Chinese steel-related companies are adjusting their businesses as prices return to normal, after a government crackdown on speculation in the market for much-needed materials for factories.
In respond to the months-long price jump for bulk commodities such as iron ore, China’s top economic planner announced on Tuesday an action plan for strengthening price mechanism reform during the 14th Five-Year Plan period (2021-25).
The plan highlights the need to respond appropriately to price fluctuations for iron ore, copper, corn and other bulk commodities.
Driven by the release of the new action plan, rebar futures fell 0.69 percent to 4,919 yuan ($767.8) per ton on Tuesday. Iron ore futures fell 0.05 percent to 1,058 yuan, signaling a reduction in volatility after a slump triggered by the government’s crackdown.
The action plan on Tuesday is part of recent efforts by Chinese officials to rein in what they have called excessive speculation in the commodity markets, leading to sharp losses of industrial commodities on Monday, both in China and abroad.
People in the steel business said their profits took a hit after prices plunged in reaction to government intervention.
“I’m losing up to 1,300 yuan per ton now. All my work so far this year has been undone in the past two weeks,” Yang Jin, manager from Xinjinfeng Steel Company in Tangshan, North China’s Hebei Province, told the Global Times on Tuesday.
But many others in the business, including Yang and Jia Dongyue, another manger from Rongde Steel, admitted that the runaway steel prices that began in early May was “mad,” and government intervention was probably necessary to keep the situation from getting out of control.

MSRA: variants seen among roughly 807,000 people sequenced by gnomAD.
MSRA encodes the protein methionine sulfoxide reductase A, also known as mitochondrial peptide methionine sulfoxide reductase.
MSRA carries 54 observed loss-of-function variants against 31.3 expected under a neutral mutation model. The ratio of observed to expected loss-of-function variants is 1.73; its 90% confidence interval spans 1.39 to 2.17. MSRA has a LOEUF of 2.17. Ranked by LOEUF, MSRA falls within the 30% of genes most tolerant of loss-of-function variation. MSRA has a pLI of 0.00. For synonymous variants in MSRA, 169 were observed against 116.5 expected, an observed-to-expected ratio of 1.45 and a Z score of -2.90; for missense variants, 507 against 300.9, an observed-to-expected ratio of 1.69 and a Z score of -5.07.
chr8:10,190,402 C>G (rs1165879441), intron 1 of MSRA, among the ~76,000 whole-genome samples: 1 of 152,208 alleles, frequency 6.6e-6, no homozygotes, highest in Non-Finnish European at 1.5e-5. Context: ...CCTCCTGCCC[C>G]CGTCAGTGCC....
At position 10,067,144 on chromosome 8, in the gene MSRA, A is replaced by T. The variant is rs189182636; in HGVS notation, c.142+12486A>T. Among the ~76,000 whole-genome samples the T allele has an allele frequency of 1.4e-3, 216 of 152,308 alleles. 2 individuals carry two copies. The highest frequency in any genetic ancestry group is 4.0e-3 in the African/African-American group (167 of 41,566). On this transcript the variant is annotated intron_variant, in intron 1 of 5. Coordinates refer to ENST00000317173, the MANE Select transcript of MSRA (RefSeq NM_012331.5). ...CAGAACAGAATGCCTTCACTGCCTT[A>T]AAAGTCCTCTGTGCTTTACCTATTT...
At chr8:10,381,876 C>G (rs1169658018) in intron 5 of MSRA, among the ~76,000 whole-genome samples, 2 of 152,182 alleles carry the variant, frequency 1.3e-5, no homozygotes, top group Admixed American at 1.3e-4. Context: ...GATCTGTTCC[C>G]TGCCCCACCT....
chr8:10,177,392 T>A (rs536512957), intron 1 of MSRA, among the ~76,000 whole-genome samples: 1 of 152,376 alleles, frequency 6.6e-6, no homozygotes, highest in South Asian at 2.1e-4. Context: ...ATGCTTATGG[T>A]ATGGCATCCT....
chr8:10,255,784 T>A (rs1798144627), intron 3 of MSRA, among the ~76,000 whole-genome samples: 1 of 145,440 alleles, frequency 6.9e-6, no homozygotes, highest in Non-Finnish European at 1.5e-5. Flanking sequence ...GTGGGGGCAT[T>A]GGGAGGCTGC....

“I’ve been working in this industry for more than ten years, and I’ve never seen anything like this, apart from maybe in 2008,” Jia said. “I think it is the result of speculation. But I think the price now, standing at around 5,000 yuan, might stabilize after the government steps in.”
As the first of its kind move to address regulation of the bulk commodities market over the next five years, the plan places special emphasis on strengthening price regulation and managing market expectations.
Industry experts said that while the introduction of the action plan will have a certain effect on price fluctuation, it ultimately functions to stabilize the market and supplies, and it will strengthen China’s pricing mechanism on steel.
Iron ore comes mostly from foreign mines, with the domestic supply only accounting for 20 percent of demand. That makes it hard for China to have much control over pricing, Wang Guoqing, research director at the Beijing Lange Steel Information Research Center, told the Global Times on Tuesday.
Moreover, one important cause of the price surge was what some industry insiders called an unreasonable Platts index, the global pricing mechanism for iron ore.
The global pricing mechanism for iron ore is neither open nor transparent, which leads to the excessive monetization of the industry. That’s a serious deviation from its spot pricing positioning, industry representatives said during a recent meeting held by the China Iron and Steel Association, where they agreed that the situation must be changed.
“In order to gain more say, relevant policies need to be further detailed, including tax reform and support measures for the domestic iron ore industry,” said Wang.
As the world’s factory and largest consumer of raw materials, China’s intensified top-down campaign was intended to rein in runaway prices. High prices have exerted pressure on factories and businesses, and further threaten to derail China’s hard-fought economic recovery from the COVID-19 pandemic.
Premier Li Keqiang reiterated during his visit to Ningbo, Zhejiang Province on Monday that the government will do its best to ensure the supply of bulk commodities while stabilizing prices, including appropriately guiding market expectations, the Xinhua News Agency reported on Tuesday.